To many people, digital technologies are democratizing the academic world. The ritualized forms and styles of academic writing and publishing necessarily limit their audiences (Mortensen and Walker, 2002; David; Wei, et al., 2005). These authors see new research methodologies as essential to revitalizing the academic community, making it participate in, and be accountable to, the world it inhabits. A wiki could be seen as analogous to a journal without editors, or perhaps more accurately, a journal which everyone can edit. I’m not sure that our blogging and wiki use re-formed the academic community of which the EMU group was a small part, but it did teach us different ways of communicating, staying on top of what everyone was doing, and it also allowed for a pleasant mix of the personal and the academic. As much as our name, our blog allowed us to be silly and rigorous at the same time.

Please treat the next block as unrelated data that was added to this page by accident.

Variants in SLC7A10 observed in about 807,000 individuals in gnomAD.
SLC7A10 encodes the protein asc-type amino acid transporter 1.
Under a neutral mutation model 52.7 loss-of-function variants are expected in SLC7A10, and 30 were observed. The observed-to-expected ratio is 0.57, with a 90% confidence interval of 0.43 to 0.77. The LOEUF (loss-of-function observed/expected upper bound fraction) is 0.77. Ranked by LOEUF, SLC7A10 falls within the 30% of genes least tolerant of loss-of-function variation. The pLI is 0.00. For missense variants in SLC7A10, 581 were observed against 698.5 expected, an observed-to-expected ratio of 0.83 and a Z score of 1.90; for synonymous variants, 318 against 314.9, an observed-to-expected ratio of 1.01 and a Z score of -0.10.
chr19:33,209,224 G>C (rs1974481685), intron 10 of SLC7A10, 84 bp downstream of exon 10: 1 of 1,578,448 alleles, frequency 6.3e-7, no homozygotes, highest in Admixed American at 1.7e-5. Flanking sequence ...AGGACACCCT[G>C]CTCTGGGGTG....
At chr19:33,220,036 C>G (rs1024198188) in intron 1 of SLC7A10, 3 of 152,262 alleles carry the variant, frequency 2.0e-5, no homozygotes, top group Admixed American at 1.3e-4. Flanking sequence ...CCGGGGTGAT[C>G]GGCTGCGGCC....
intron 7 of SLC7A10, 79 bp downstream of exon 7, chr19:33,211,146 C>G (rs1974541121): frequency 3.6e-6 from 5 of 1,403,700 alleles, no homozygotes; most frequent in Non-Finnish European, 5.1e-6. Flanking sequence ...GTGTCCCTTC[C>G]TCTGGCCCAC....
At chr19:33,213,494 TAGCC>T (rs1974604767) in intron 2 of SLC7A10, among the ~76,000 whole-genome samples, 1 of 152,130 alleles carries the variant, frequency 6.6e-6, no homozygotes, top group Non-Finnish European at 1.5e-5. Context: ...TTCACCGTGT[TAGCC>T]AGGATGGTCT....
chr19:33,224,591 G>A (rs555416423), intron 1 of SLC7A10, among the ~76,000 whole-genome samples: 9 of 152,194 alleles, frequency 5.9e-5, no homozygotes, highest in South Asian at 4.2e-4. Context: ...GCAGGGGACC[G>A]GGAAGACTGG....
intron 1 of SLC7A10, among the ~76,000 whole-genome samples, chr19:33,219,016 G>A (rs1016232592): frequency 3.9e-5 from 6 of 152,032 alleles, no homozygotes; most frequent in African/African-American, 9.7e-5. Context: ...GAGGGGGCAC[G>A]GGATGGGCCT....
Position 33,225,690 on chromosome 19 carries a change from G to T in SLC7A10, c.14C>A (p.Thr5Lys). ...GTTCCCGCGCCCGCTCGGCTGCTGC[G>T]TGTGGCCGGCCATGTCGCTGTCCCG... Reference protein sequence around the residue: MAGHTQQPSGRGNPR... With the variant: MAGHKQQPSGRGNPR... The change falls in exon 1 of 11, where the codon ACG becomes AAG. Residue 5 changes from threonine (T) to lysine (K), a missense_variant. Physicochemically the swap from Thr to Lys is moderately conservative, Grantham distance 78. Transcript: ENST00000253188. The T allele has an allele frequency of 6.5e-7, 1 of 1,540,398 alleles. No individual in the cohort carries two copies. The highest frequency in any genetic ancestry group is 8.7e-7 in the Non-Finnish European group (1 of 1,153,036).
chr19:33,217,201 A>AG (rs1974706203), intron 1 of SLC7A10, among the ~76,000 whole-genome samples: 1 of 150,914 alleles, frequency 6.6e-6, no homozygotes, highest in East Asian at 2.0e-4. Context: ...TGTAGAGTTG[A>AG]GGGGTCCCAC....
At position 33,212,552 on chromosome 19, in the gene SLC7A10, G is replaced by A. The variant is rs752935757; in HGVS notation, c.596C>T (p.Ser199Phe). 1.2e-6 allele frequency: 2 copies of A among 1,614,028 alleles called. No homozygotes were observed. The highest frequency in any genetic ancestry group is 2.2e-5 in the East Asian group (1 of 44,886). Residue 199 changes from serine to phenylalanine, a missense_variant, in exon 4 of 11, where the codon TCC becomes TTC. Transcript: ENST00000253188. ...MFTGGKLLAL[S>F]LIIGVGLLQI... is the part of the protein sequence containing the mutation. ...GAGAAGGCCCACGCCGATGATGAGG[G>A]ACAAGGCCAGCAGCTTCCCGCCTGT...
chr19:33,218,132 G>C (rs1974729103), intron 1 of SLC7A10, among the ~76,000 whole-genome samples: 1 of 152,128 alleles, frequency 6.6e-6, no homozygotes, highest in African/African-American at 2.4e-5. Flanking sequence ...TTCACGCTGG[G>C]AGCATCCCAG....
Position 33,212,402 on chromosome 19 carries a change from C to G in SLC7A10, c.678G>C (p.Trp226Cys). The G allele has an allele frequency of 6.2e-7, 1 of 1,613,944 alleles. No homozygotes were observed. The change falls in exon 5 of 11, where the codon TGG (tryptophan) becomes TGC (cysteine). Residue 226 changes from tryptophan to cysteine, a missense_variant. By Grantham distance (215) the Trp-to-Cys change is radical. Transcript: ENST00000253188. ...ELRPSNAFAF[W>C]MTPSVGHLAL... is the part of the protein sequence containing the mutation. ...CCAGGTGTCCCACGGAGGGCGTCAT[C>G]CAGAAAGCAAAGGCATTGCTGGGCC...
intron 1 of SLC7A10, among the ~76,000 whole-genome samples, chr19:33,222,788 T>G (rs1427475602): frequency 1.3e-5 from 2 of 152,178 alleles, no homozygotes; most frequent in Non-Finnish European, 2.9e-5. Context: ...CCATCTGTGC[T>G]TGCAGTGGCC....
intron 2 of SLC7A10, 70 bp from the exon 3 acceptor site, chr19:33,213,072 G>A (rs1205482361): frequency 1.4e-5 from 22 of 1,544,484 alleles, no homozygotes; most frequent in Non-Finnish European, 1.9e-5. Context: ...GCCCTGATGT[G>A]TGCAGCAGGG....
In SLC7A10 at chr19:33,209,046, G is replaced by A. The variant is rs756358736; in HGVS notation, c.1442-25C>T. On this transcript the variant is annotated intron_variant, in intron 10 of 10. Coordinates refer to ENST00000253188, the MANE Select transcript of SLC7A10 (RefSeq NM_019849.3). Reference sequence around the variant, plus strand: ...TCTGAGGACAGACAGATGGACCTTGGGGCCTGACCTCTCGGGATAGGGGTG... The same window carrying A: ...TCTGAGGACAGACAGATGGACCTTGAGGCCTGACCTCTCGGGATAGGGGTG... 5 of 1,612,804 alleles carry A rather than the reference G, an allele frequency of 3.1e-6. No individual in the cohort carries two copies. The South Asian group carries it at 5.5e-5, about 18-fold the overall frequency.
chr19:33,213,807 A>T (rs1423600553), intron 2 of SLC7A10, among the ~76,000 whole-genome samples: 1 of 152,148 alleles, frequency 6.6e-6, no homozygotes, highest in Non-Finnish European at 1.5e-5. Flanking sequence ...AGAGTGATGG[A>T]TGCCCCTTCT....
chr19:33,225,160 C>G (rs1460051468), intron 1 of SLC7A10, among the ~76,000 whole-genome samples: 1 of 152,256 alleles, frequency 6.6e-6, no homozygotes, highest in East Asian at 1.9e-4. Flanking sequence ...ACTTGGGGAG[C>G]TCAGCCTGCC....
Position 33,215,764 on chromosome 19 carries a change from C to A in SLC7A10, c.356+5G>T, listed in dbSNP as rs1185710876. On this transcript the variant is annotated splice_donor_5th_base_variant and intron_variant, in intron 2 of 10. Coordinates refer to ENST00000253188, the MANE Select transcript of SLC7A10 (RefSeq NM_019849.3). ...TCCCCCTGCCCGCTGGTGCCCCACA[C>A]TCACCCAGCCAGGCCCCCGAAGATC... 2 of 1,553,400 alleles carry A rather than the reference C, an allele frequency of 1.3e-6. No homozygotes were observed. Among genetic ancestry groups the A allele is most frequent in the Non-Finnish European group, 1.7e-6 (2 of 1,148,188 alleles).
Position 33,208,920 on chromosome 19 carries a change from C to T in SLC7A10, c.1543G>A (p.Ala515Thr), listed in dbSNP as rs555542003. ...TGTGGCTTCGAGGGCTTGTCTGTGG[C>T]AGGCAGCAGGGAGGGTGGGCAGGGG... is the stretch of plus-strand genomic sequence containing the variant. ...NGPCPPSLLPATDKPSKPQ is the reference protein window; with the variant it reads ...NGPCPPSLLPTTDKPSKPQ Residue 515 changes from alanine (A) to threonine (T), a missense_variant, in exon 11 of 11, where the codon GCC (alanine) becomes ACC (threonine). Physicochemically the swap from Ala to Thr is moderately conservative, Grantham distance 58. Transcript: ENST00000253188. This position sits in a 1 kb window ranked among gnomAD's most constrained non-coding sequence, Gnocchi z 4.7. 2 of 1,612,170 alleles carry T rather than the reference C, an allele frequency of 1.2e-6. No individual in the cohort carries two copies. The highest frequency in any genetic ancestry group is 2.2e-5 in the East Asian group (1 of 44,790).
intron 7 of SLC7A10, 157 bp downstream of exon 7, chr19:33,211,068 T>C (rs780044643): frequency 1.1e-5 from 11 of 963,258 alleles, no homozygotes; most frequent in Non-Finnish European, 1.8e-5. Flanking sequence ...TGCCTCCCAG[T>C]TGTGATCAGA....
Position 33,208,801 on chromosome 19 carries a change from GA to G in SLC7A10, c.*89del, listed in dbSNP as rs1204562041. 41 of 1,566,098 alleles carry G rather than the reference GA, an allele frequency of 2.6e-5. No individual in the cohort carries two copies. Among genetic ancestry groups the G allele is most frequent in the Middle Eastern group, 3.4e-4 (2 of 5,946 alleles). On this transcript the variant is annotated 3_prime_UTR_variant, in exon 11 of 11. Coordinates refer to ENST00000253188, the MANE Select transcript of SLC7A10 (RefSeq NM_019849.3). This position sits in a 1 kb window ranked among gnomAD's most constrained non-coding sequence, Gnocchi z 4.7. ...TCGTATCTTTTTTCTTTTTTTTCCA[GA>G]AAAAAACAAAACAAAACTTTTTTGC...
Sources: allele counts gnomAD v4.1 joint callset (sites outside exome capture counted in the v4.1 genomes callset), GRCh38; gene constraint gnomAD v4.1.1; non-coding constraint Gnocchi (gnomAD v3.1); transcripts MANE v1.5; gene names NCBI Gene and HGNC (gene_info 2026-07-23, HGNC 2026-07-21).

My role as pseudo “information architect” was an interesting one, in that I saw firsthand the cluttered and chaotic possibilities of an iterative structure. Links and pages cropped up over night, pages were orphaned, abandoned, and deleted. However, once the team was consulted and the built-in capabilities of the wiki used to the fullest extent, a cohesive structure emerged that facilitated the use of the pages, both for reader and writer. “A major question is how navigation menus and information architecture can keep pace with the growth of the content when multiple people individually contribute to the organization of the site” (Wei, et al., p.207). This issue was addressed in our team through the use of the ‘structures’ capability of the TikiWiki engine. This tool represents the organization of pages within the wiki by linking them all together and displaying the pages in a tree-shaped diagram. This allowed for a progressive and intuitive organization of a vast nest of resources collected by team members. It also allowed for a visual representation of what otherwise was an intimidating scroll through pages of text. The structures, akin to the nest home of the EMU flock, maximized the usability of our resources. Of course, we also chose to appoint one person to keep a watchful eye on our wiki, even though we were all active in creating content to varying extents. And while I nominally ‘controlled’ the organizational structure of the resource nest, the process was really guided by the entire team, as ways of structuring and using the data were debated and discussed before being implemented. Here, of course, the iterative structure of the wiki was invaluable, as changes could be made and removed without any loss of work. This ability of any team member to edit and change any page within the wiki was undoubtedly its most powerful function.